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Monday, June 28, 2010

Dear Friends and Gardeners: June 28, 2010

Dear Dee and Mary Ann and Gardening Friends Everywhere,

The report from my garden this week is rather brief.

Plants grew in between all the rain we had last week.

I have lost count of how many days it has rained. Maybe it would be easier to count sunny days? The weatherman said after last night’s rain, this is now the third wettest June in Indianapolis since they started to keep records.

Between the rain, work, and other responsibilities of the past week, I had very little time to spend in the garden. What time I did have was mostly spent just watching it grow, deadheading daylilies and pulling obvious weeds. Obvious as in, “my, that weed is tall”.

Yesterday I drove to southern Indiana for the annual family reunion and got to see my uncle’s vegetable garden. His garden is one zone south of me but always seems a month ahead of mine. I’ve never seen squash leaves so big or tomatoes quite that tall. Plus he has already picked somegreen beans and okra.

I quizzed him for his secrets and he said he did till in a load of well rotted horse manure earlier in the spring. Plus, for some of his tomatoes, he dug big holes and mixed in more horse manure. Part of the garden was still wet, so he didn’t do it for all of them. As you can see in this picture, it seems to have made a difference.
The tomato plants on the left didn’t get the full manure treatment. They are still big tomato plants, but not quite as big as the ones on the right which did get extra horse manure. He said he normally picks his first tomato around July 4th but this year he has already picked a few ‘Early Girl’ tomatoes.

His other secret was when it got hot earlier than usual in the spring, he went ahead and planted squash. Everyone said he’d get frosted out, but he figured that squash seeds are cheap enough that he’d take a chance. He said he plants by the weather, and not necessarily by the calendar. I’m more of a calendar planter, in that I wait for a certain date to pass, and then verify the weather. Hmmm… I might re-think that for next spring because seed is fairly cheap.

Anyway, I have never seen squash plants with leaves as big as his.
And down under those leaves are several summer squash just waiting to be picked.



*****

Elsewhere in the garden...

Today, weather permitting, a crew will be here to start installation of the new patio. They should be done in five to six days. Then on Thursday, I’m meeting with the garden designer to talk about plantings in the back yard and than it will be the 4th of July weekend.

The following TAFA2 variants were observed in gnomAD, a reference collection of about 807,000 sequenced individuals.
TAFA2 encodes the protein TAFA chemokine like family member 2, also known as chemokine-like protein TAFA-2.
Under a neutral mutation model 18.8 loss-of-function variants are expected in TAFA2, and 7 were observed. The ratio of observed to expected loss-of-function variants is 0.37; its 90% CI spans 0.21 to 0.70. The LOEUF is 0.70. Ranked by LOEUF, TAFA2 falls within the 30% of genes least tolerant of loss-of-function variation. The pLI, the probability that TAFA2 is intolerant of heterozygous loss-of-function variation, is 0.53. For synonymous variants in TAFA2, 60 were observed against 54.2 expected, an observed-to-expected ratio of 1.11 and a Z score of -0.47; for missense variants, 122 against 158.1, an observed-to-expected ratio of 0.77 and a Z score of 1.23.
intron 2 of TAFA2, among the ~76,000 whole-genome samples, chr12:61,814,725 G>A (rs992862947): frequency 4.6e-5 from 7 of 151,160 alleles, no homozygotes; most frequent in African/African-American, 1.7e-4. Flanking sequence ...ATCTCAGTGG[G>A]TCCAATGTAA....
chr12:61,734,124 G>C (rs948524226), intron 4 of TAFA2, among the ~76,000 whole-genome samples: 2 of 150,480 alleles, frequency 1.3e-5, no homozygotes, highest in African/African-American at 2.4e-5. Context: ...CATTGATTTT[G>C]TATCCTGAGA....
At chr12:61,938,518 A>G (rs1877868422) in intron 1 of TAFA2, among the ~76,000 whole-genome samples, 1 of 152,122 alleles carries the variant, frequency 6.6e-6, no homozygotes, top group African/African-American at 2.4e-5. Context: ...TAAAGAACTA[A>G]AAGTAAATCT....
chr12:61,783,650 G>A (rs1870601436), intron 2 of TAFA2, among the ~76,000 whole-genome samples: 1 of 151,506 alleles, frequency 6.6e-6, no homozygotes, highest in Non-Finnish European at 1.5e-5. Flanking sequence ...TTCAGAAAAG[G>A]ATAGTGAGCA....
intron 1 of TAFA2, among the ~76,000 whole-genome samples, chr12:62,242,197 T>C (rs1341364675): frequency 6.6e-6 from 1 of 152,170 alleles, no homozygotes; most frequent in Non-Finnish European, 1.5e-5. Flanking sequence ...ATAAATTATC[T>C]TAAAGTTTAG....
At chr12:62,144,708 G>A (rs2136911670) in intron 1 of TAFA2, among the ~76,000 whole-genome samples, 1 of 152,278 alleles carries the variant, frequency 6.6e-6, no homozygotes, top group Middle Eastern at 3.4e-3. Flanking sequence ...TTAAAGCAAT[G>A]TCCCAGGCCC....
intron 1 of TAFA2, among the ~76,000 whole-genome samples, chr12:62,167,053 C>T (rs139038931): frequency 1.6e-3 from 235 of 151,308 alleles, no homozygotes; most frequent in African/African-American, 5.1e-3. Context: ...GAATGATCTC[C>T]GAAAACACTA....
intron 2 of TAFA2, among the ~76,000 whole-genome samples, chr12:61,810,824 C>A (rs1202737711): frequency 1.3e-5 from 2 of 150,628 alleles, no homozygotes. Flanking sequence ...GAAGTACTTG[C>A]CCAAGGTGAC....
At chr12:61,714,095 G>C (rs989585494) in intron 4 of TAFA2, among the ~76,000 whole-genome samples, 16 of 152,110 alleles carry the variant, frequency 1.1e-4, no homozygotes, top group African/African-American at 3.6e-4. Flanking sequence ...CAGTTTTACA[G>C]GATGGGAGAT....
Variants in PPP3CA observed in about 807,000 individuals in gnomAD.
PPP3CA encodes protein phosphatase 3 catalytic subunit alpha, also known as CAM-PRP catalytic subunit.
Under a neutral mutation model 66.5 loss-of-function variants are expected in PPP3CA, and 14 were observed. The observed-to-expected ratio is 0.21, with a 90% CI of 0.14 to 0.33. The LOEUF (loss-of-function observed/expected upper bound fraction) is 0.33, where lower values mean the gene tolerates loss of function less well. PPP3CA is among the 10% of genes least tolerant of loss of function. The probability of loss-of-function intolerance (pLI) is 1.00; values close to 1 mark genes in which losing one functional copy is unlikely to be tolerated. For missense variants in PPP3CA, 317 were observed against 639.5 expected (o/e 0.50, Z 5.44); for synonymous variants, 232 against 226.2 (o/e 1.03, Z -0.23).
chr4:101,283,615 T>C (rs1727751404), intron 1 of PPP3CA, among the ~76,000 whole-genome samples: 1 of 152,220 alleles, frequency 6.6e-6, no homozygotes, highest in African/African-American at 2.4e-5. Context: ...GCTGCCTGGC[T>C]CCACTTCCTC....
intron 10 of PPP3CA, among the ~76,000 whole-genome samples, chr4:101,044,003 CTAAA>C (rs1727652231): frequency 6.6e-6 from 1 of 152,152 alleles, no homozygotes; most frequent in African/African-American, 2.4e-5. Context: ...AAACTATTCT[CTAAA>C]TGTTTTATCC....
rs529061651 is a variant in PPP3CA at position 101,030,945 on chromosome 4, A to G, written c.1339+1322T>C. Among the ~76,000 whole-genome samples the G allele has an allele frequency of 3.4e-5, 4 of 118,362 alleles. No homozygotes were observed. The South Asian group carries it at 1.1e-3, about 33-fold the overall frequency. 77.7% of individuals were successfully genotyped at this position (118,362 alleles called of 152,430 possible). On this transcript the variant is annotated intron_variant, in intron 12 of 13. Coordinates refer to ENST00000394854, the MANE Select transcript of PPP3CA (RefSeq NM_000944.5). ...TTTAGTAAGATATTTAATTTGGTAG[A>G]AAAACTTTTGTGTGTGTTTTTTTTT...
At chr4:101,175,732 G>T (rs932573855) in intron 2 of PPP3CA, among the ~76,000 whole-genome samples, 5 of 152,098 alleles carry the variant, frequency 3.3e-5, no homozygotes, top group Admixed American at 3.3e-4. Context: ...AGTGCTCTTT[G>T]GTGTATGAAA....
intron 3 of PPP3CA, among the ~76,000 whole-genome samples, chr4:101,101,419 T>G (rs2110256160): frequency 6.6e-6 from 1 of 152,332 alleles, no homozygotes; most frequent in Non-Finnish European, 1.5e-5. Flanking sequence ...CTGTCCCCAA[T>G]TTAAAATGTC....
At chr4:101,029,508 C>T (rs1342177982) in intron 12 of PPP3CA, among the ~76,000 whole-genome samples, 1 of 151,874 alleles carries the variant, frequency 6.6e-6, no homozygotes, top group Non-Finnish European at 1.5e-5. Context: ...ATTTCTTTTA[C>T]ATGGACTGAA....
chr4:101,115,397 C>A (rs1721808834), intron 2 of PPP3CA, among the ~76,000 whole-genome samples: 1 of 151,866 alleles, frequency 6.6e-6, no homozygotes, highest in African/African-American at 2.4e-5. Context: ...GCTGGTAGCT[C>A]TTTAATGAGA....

How fast the summer seems to go, once it gets started. I’ve already been hearing the cicadas sing their "summer is ending" song - at least I equate their sounds with the end of summer and the start of school. They’ll get louder as the days go by…

But enough talk about the end of summer. I haven’t even picked my first tomato! We have many summer days to enjoy, including most of this week which should be dry and pleasant in central Indiana. I hope to spend many quiet evenings in the garden between now and next Monday.

Carpe hortus!

Carol

P.S. The picture above is my best bet so far for the first tomato in my garden, a variety called ‘Pink Ponderosa’. Below is how the garden looks this morning…
Hope to hear soon how everyone else's gardens are doing as June ends and July begins.

5 comments:

Stacy said...

My gardens are doing great too! With the excepting of our tomato plants - not sure what their deal is...but they are looking a tad under the weather.

Gatsbys Gardens said...

Carol, everything is giant this year. My tomato plants are as big as they usually are the end of July. I wonder what they will look like in August.

Eileen

Susan said...

send some rain south! It was wet for 2 weeks at the end of May and beginning of June but since then has been dry and hot as blazes. It's not supposed to get this hot, especially this early, in the mountains of NC

Cindy, MCOK said...

The garden's looking good, Carol! I hope you'll soon start harvesting lots of tangy tomatoes and sublime squash!

Annie in Austin said...

What a fine letter, Carol -a distillation of mid-summer in Indiana, right down to the cicadas.

We've had some tomatoes in the last few weeks, but the intense, too-early heat may mean that we've picked our last tomatoes just as you hover over your first!

How lovely to have an uncle with a real vegetable garden! Did you come home from the reunion with a "goody bag" full of brown gold in your vehicle?

Annie at the Transplantable Rose